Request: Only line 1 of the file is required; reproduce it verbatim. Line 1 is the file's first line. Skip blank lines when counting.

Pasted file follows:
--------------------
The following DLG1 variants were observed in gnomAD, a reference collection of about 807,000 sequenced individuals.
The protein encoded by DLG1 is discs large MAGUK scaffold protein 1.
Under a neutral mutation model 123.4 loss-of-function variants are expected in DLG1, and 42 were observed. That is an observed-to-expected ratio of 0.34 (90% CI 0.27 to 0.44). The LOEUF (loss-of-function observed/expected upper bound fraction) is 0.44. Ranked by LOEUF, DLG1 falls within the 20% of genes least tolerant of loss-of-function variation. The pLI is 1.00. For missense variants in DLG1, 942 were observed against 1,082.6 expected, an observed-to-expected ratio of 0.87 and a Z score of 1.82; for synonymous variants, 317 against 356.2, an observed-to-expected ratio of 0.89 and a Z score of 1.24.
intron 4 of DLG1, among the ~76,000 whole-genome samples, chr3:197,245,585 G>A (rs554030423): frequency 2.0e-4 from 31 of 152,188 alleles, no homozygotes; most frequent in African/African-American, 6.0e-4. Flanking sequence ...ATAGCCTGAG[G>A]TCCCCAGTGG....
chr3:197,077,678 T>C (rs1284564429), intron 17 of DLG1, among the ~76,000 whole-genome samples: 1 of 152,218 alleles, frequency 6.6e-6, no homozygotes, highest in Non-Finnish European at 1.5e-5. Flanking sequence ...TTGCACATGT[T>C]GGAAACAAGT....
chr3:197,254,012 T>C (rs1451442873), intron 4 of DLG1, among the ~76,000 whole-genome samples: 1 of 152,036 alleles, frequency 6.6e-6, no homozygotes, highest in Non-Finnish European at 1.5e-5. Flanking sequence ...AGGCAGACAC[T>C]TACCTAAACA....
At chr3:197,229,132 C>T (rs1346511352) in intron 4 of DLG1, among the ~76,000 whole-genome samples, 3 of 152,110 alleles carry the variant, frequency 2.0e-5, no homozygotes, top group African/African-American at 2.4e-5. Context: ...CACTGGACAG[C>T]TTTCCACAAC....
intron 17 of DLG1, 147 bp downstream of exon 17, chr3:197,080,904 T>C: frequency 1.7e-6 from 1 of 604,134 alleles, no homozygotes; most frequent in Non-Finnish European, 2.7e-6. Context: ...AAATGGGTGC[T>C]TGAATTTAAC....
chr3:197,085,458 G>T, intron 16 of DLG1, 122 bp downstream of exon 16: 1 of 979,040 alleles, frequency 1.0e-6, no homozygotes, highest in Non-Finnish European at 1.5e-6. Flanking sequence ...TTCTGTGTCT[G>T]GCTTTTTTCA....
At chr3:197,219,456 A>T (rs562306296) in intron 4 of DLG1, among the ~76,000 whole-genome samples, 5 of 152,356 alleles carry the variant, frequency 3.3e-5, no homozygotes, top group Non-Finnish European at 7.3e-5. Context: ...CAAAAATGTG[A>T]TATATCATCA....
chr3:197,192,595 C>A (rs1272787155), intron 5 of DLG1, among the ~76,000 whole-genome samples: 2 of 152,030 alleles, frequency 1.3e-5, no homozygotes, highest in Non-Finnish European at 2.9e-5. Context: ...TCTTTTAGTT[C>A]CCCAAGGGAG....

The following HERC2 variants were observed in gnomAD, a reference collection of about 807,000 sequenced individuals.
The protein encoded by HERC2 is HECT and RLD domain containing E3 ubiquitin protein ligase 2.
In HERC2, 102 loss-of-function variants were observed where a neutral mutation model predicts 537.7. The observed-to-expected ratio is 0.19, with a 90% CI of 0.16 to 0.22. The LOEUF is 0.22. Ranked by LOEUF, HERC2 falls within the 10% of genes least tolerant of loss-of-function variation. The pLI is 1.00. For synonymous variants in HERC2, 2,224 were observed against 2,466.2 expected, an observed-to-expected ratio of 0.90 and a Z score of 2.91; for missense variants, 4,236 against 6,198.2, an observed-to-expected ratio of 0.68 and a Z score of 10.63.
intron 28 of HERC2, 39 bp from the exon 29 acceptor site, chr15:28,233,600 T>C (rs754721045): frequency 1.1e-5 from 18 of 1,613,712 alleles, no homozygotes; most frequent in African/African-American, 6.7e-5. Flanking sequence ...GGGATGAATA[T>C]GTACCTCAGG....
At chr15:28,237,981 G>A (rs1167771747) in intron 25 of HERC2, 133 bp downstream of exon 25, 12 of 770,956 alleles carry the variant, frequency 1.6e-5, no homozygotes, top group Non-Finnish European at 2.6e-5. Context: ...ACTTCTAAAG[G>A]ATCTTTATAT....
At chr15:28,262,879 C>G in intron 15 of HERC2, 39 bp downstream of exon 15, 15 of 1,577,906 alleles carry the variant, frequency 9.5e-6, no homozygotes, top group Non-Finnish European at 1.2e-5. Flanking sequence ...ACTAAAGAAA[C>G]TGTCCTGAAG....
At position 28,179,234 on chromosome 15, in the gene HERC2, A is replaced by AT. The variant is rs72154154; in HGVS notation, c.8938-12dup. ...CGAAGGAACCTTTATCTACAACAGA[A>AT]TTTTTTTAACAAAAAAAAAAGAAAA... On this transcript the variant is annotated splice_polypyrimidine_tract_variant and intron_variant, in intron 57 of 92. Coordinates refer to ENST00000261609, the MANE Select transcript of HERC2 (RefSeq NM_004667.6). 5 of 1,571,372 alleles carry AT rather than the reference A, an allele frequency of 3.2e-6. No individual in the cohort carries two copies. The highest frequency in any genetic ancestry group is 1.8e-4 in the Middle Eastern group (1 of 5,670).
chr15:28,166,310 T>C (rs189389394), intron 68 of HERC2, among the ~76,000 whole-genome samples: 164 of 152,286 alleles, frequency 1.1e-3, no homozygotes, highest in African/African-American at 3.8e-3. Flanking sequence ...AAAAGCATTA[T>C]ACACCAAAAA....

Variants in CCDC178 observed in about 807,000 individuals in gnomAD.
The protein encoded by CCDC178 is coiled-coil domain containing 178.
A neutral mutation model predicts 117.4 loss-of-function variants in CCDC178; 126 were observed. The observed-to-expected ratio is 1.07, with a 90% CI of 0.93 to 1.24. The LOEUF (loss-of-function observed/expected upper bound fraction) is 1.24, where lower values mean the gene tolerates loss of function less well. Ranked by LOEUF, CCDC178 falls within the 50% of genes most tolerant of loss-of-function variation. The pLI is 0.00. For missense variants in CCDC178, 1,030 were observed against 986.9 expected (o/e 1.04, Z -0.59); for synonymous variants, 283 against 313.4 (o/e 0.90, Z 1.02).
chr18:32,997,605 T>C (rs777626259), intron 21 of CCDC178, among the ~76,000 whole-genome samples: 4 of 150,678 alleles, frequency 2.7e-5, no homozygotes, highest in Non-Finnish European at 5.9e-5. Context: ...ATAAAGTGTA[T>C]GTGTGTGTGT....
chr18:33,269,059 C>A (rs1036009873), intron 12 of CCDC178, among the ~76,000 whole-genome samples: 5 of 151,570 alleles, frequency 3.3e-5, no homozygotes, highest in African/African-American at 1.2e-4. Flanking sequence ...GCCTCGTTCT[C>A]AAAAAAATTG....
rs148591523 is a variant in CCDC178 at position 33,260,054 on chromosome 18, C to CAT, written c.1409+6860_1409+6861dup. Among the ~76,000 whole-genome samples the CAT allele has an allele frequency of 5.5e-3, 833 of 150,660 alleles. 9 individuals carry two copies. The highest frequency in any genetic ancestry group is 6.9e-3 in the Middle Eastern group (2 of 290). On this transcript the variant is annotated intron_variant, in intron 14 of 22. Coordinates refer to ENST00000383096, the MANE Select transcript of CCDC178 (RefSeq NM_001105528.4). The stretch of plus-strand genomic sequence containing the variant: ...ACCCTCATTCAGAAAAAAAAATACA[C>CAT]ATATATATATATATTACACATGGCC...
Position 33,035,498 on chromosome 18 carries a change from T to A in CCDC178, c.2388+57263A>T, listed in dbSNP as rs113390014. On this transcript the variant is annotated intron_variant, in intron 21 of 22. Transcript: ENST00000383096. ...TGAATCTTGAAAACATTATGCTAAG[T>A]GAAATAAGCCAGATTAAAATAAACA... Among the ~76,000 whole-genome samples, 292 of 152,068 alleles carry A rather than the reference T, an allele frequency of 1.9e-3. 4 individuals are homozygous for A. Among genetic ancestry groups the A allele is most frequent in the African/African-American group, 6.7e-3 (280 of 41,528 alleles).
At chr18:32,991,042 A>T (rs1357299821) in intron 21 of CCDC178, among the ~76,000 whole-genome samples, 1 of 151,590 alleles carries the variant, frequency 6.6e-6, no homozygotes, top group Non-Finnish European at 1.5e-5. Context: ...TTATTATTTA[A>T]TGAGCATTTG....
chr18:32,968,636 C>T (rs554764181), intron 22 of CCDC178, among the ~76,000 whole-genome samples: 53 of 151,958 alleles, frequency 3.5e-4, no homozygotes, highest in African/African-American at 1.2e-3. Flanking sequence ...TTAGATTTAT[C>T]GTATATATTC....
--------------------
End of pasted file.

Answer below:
The following DLG1 variants were observed in gnomAD, a reference collection of about 807,000 sequenced individuals.